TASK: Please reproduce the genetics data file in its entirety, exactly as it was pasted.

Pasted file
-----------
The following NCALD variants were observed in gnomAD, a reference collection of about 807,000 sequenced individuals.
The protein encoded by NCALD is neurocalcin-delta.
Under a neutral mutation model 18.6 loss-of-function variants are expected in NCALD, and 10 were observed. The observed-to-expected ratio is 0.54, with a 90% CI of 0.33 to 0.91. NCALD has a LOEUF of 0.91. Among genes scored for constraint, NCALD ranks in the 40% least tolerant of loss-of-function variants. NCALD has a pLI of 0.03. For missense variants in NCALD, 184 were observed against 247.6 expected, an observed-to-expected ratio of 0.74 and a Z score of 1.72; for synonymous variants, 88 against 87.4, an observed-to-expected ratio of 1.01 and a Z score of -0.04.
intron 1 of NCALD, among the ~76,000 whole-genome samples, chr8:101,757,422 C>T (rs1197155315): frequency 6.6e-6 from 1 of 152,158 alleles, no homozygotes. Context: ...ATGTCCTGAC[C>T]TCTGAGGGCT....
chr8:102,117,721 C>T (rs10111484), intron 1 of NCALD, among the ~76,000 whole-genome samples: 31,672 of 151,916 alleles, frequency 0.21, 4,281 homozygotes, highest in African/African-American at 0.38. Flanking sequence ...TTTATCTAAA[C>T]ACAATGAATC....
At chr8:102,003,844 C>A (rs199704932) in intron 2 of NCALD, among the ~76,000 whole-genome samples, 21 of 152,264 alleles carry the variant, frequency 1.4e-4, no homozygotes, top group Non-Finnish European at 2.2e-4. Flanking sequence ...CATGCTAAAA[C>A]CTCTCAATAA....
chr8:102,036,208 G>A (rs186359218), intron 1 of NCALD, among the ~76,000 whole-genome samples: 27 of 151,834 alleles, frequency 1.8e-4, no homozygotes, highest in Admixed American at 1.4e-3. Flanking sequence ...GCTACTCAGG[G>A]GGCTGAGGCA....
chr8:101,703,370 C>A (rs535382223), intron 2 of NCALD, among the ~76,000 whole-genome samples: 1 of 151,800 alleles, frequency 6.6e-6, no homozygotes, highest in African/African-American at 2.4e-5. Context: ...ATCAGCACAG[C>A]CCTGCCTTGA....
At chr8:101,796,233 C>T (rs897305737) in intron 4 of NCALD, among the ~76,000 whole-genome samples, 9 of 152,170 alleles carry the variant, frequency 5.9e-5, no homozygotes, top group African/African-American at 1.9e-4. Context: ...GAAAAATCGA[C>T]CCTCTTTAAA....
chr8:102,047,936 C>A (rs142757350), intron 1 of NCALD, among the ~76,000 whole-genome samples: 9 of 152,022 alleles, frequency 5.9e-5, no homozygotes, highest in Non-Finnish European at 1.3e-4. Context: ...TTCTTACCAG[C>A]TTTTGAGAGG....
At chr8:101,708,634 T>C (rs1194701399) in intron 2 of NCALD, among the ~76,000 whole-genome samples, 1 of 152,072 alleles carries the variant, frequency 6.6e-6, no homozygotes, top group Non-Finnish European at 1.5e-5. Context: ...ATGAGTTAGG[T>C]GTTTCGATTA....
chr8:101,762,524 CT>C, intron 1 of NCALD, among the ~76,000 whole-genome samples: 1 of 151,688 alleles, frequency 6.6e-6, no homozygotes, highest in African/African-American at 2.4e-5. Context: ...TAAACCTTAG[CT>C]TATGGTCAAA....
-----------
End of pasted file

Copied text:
The following NCALD variants were observed in gnomAD, a reference collection of about 807,000 sequenced individuals.
The protein encoded by NCALD is neurocalcin-delta.
Under a neutral mutation model 18.6 loss-of-function variants are expected in NCALD, and 10 were observed. The observed-to-expected ratio is 0.54, with a 90% CI of 0.33 to 0.91. NCALD has a LOEUF of 0.91. Among genes scored for constraint, NCALD ranks in the 40% least tolerant of loss-of-function variants. NCALD has a pLI of 0.03. For missense variants in NCALD, 184 were observed against 247.6 expected, an observed-to-expected ratio of 0.74 and a Z score of 1.72; for synonymous variants, 88 against 87.4, an observed-to-expected ratio of 1.01 and a Z score of -0.04.
intron 1 of NCALD, among the ~76,000 whole-genome samples, chr8:101,757,422 C>T (rs1197155315): frequency 6.6e-6 from 1 of 152,158 alleles, no homozygotes. Context: ...ATGTCCTGAC[C>T]TCTGAGGGCT....
chr8:102,117,721 C>T (rs10111484), intron 1 of NCALD, among the ~76,000 whole-genome samples: 31,672 of 151,916 alleles, frequency 0.21, 4,281 homozygotes, highest in African/African-American at 0.38. Flanking sequence ...TTTATCTAAA[C>T]ACAATGAATC....
At chr8:102,003,844 C>A (rs199704932) in intron 2 of NCALD, among the ~76,000 whole-genome samples, 21 of 152,264 alleles carry the variant, frequency 1.4e-4, no homozygotes, top group Non-Finnish European at 2.2e-4. Flanking sequence ...CATGCTAAAA[C>A]CTCTCAATAA....
chr8:102,036,208 G>A (rs186359218), intron 1 of NCALD, among the ~76,000 whole-genome samples: 27 of 151,834 alleles, frequency 1.8e-4, no homozygotes, highest in Admixed American at 1.4e-3. Flanking sequence ...GCTACTCAGG[G>A]GGCTGAGGCA....
chr8:101,703,370 C>A (rs535382223), intron 2 of NCALD, among the ~76,000 whole-genome samples: 1 of 151,800 alleles, frequency 6.6e-6, no homozygotes, highest in African/African-American at 2.4e-5. Context: ...ATCAGCACAG[C>A]CCTGCCTTGA....
At chr8:101,796,233 C>T (rs897305737) in intron 4 of NCALD, among the ~76,000 whole-genome samples, 9 of 152,170 alleles carry the variant, frequency 5.9e-5, no homozygotes, top group African/African-American at 1.9e-4. Context: ...GAAAAATCGA[C>T]CCTCTTTAAA....
chr8:102,047,936 C>A (rs142757350), intron 1 of NCALD, among the ~76,000 whole-genome samples: 9 of 152,022 alleles, frequency 5.9e-5, no homozygotes, highest in Non-Finnish European at 1.3e-4. Context: ...TTCTTACCAG[C>A]TTTTGAGAGG....
At chr8:101,708,634 T>C (rs1194701399) in intron 2 of NCALD, among the ~76,000 whole-genome samples, 1 of 152,072 alleles carries the variant, frequency 6.6e-6, no homozygotes, top group Non-Finnish European at 1.5e-5. Context: ...ATGAGTTAGG[T>C]GTTTCGATTA....
chr8:101,762,524 CT>C, intron 1 of NCALD, among the ~76,000 whole-genome samples: 1 of 151,688 alleles, frequency 6.6e-6, no homozygotes, highest in African/African-American at 2.4e-5. Context: ...TAAACCTTAG[CT>C]TATGGTCAAA....